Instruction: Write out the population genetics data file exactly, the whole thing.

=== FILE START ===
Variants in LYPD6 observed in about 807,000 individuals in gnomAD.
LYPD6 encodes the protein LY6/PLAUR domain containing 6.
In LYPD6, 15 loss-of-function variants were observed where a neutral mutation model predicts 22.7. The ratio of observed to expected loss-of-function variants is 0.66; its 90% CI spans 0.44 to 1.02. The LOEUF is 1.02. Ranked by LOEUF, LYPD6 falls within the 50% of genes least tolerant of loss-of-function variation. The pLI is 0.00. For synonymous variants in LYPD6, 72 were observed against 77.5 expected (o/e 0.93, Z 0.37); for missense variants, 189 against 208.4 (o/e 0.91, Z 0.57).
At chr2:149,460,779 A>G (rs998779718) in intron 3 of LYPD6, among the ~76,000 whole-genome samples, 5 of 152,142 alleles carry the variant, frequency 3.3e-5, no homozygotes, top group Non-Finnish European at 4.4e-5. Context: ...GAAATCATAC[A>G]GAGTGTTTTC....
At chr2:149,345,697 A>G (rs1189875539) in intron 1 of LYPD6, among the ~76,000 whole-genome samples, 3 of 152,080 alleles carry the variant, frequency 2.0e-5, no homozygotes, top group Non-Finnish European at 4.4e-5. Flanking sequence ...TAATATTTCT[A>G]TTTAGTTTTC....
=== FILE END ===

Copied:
Variants in LYPD6 observed in about 807,000 individuals in gnomAD.
LYPD6 encodes the protein LY6/PLAUR domain containing 6.
In LYPD6, 15 loss-of-function variants were observed where a neutral mutation model predicts 22.7. The ratio of observed to expected loss-of-function variants is 0.66; its 90% CI spans 0.44 to 1.02. The LOEUF is 1.02. Ranked by LOEUF, LYPD6 falls within the 50% of genes least tolerant of loss-of-function variation. The pLI is 0.00. For synonymous variants in LYPD6, 72 were observed against 77.5 expected (o/e 0.93, Z 0.37); for missense variants, 189 against 208.4 (o/e 0.91, Z 0.57).
At chr2:149,460,779 A>G (rs998779718) in intron 3 of LYPD6, among the ~76,000 whole-genome samples, 5 of 152,142 alleles carry the variant, frequency 3.3e-5, no homozygotes, top group Non-Finnish European at 4.4e-5. Context: ...GAAATCATAC[A>G]GAGTGTTTTC....
At chr2:149,345,697 A>G (rs1189875539) in intron 1 of LYPD6, among the ~76,000 whole-genome samples, 3 of 152,080 alleles carry the variant, frequency 2.0e-5, no homozygotes, top group Non-Finnish European at 4.4e-5. Flanking sequence ...TAATATTTCT[A>G]TTTAGTTTTC....